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How to Choose the Right Color for Your Door

Friday July 19th, 2019

Every day I am amazed to see hundreds of doors being shipped out of Rustica's door shop in Springville, Utah. Each barn door, front door, dutch door, or interior door is created from scratch and starts with unfinished lumber or raw metal. Customers have options to order our doors raw and unfinished or to pay a little extra for us to finish their door. Rustica offers many color choices for both wood and metal doors. Each color has a different effect on the space for which it functions. It is important to understand the color wheel and the relationship between complementary colors when choosing a finish for your door.

Understanding The Color Wheel

In 1642 a bright English physicist, Sir Isaac Newton was born. He was fascinated with light. He discovered that color is light. All the colors of the spectrum are within sunlight; therefore, when we see color, we are actually seeing colored light. An item may look like it has a colored pigmentation, but in reality, that pigment is reflecting or absorbing wave lengths of light.

Due to this discovery, a "Color Spectrum" was created. This color spectrum was bent to create a continuous circle that holds inherent color relationships used in all creative fields of interest, including design, physics, and psychology. Interestingly enough, the Interior Design Color Wheel was designed specifically for artists, interior designers, and decorators to help them understand color relationships and establish color schemes.

Color Terms

Let's learn about color terminology. Here is a list of some of the most important terms to be familiar with:
  • Hue–Another word for color.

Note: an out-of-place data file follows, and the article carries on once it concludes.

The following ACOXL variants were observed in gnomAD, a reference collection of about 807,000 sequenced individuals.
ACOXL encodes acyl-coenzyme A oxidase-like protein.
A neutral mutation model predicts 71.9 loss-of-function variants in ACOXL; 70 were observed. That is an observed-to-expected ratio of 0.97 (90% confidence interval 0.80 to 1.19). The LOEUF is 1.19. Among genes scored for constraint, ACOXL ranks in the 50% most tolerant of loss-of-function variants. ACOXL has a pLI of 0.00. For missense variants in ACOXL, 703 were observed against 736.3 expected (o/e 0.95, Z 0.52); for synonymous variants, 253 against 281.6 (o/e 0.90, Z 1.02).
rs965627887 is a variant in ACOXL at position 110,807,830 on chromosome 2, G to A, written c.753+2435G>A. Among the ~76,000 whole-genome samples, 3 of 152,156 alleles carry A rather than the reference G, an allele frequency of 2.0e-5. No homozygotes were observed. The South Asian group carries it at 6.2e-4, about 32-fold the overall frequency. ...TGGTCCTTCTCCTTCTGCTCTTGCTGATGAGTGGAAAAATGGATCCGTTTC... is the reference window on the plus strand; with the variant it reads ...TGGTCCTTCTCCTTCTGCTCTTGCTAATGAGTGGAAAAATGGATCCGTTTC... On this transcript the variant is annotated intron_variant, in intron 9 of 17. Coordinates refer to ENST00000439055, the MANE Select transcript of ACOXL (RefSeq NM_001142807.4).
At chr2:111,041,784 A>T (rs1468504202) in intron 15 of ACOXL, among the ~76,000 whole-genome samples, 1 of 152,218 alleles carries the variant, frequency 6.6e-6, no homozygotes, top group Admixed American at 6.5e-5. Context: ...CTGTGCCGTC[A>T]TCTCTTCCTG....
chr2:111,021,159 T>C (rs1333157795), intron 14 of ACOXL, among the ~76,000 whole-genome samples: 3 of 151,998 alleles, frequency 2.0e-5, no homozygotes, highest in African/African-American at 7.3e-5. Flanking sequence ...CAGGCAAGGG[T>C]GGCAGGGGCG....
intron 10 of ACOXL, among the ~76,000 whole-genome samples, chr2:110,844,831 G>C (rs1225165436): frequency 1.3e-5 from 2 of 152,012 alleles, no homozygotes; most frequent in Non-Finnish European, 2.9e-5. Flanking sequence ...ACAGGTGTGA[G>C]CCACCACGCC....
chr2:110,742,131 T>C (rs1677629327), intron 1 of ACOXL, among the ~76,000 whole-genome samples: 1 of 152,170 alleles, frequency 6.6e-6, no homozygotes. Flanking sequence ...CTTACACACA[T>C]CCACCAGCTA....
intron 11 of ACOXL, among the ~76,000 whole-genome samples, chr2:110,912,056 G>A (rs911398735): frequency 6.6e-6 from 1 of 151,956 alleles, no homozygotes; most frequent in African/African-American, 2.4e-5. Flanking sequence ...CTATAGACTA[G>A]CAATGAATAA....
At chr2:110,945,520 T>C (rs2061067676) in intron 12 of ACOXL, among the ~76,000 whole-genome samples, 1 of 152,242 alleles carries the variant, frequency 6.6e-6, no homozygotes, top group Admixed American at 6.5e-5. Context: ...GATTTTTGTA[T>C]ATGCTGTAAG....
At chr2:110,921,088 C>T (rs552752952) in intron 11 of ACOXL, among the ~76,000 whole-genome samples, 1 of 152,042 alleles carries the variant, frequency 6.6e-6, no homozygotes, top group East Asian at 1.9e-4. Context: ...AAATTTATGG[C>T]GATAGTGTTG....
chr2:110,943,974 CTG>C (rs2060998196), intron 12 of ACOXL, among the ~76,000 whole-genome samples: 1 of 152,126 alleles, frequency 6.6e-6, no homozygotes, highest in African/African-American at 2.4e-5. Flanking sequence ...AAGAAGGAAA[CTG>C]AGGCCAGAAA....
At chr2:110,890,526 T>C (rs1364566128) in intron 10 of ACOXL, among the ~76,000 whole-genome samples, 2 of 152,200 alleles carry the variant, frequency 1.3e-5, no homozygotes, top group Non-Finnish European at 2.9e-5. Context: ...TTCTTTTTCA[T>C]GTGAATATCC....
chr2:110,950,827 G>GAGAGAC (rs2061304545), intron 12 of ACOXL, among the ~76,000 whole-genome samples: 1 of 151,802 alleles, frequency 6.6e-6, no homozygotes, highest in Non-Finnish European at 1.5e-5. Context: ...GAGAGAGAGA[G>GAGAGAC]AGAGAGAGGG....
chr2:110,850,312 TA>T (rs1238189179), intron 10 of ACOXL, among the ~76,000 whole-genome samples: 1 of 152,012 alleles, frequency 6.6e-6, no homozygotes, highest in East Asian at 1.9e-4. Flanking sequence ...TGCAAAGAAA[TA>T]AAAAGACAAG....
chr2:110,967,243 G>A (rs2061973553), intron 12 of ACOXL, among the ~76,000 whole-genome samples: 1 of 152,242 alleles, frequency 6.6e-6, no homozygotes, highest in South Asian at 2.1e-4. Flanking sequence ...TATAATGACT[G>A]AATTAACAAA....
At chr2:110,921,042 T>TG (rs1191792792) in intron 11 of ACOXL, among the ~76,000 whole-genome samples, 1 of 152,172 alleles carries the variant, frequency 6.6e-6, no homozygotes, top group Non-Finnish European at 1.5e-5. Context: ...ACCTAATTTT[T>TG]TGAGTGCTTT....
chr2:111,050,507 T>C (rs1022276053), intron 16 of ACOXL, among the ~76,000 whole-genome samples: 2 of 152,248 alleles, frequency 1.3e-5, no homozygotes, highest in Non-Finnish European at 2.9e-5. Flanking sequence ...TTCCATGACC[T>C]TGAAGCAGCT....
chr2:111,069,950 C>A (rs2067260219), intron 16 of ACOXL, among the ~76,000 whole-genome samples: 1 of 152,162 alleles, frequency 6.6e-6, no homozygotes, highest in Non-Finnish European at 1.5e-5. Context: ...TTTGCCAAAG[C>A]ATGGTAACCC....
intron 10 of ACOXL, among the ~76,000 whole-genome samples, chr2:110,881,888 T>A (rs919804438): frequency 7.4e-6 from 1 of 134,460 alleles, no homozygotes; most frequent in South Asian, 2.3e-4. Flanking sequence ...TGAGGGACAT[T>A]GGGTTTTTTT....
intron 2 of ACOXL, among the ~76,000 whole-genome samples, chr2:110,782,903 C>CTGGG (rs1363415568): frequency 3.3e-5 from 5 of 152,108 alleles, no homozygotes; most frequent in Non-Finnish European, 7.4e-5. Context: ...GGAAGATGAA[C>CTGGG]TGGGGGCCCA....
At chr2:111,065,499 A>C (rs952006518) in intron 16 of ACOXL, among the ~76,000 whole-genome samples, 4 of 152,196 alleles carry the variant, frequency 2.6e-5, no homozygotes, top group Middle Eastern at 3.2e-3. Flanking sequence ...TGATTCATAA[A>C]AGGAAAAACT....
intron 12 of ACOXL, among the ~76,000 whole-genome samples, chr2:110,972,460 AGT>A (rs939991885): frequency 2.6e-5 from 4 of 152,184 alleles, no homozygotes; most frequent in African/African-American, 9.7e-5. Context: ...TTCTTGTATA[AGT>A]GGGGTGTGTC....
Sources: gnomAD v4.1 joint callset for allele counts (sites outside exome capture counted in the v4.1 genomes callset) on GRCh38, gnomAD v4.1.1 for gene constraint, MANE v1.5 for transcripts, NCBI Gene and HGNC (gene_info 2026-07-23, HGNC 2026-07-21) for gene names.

• Tint–The addition of white to a color.
  • Tone–The addition of gray to a color.
  • Shade–The addition of black to a color.
  • Value–The lightness or darkness of a color.
  • Monochromatic–Any color scheme that uses any shade, tint, or tone of one color.
  • Complementary–Any color scheme that uses any two colors that are directly opposite each other on the color wheel.
  • Split Complementary–Any color scheme that uses a main color and the two colors on each side of the main color on the color wheel.
  • Related (or Analogous)–A color scheme that uses any three to five colors that neighbor each other on the wheel.
  • Receding (or Cool)–Colors in the greens, blue, or violet family.
  • Advancing (or Warm)–Colors in the red, orange, or yellow family.

Psychology of Color

The psychology of color is a major consideration when choosing a certain color for your door. This also applies when re-modeling or re-decorating a space. Here is a list that shows the emotions that certain colors create or emotions that are linked to particular colors:
  • White–Purity, Peace, Faith, Joy, Cleanliness
  • Red–Passion, Anger, Warmth, Gaiety, Martyrdom, Revolution
  • Blue–Restfulness, Coolness, Sky, Constancy, Truth
  • Black–Darkness, Despair, Sorrow, Mourning
  • Green–Spring, Hope, Restfulness, Coolness
  • Yellow–Warmth, Cheerfulness, Fruitfulness, Jealousy
  • Gray–Humility and Penance
  • Purple–Justice, Depression, Suffering, Church
  • Gold–Royalty, Luxury, Power
  • Blue–Male Child
  • Pink–Female Child
Look at these different barn doors, front doors, and interior doors and pay attention to your emotions as you notice their different colors.

For a complete list of all our doors click here to view each door and its associated color options which are found under "Select Door Finish".

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